Background: Over the last 15 years, substantial advances have been made in the treatment of chronic obstructive pulmonary disease (COPD). Little information is available, however, on whether these treatments have resulted in reduced rates of hospitalization and acute exacerbations among COPD patients. This retrospective cohort study examined changes in hospitalization rates among Medicare beneficiaries with COPD from 1999 to 2008. Methods: We analyzed data from 424,418 fee-for-service Medicare beneficiaries enrolled between 1999 and 2008 who were diagnosed with COPD. We examined temporal changes in the frequency of hospitalization and acute exacerbations among Medicare beneficiaries with COPD. Results: Over the 10-year study period, the hospitalization rates for COPD patients - adjusted for age, sex, race, socioeconomic status, region, and number of comorbidities - decreased: from 131 to 107 per 100 person-years for all causes (P <.001); from 58 to 44 per 100 person-years for all respiratory causes (P <.001); and from 73 to 63 per 100 person-years for nonrespiratory causes (P <.001). There was no change in prevalence of COPD in the Medicare population over this time. Additionally, the percentage of COPD patients hospitalized with 2 or more acute exacerbations decreased from 5.5% to 4.3% over the 10-year study period (P <.001). Conclusion: Between 1999 and 2008, hospitalization rates decreased substantially among Medicare beneficiaries diagnosed with COPD.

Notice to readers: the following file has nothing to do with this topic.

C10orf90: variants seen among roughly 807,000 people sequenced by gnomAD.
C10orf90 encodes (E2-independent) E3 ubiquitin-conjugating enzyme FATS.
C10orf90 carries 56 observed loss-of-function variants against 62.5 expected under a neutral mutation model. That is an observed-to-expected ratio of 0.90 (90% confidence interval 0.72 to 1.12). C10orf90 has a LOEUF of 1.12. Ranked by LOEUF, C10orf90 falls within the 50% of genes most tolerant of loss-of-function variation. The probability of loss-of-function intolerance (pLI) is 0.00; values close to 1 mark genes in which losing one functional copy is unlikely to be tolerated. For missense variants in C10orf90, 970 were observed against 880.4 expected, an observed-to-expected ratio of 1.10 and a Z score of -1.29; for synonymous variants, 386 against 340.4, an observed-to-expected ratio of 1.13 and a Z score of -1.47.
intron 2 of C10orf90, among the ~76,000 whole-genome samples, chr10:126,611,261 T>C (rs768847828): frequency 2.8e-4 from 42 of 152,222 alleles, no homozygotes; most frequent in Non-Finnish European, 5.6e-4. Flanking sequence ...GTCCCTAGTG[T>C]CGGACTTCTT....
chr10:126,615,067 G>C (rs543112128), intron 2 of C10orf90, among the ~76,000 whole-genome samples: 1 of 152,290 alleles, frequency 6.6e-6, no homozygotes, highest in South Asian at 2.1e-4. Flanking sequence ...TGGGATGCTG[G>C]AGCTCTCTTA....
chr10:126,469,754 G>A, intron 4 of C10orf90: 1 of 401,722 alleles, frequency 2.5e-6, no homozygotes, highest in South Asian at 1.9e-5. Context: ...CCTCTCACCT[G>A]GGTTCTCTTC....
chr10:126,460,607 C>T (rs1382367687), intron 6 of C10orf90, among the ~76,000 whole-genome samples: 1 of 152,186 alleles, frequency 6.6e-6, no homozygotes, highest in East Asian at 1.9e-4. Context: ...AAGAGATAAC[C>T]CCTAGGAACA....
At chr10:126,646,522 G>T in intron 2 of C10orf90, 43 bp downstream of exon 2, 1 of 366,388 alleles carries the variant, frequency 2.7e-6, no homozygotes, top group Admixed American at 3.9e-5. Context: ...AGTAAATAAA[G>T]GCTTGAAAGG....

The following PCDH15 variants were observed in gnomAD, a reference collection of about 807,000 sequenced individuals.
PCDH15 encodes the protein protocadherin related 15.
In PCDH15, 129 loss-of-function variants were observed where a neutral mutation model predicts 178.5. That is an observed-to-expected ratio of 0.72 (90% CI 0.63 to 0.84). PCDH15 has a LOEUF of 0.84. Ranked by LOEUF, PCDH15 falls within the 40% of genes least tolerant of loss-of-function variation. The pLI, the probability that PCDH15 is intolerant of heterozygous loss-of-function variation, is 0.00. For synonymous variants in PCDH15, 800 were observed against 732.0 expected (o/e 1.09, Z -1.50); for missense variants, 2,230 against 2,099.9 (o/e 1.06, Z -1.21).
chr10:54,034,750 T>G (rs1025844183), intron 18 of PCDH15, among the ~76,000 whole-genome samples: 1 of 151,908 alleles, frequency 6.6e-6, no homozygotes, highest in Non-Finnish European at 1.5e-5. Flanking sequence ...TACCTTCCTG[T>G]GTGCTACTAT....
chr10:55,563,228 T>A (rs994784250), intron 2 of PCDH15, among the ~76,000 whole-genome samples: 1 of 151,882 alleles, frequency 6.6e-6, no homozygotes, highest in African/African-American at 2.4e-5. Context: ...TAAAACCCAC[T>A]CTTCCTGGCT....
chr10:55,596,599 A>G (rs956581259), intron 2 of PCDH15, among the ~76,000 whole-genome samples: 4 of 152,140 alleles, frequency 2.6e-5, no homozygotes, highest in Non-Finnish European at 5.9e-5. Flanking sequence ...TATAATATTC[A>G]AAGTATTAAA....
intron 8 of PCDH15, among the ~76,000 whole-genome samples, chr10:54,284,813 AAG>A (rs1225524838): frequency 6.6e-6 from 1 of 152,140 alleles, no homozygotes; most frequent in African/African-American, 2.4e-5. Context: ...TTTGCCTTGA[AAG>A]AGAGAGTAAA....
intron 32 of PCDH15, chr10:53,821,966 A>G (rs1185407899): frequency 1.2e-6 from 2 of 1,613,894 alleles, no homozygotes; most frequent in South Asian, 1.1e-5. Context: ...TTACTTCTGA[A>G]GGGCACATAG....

- Older adults
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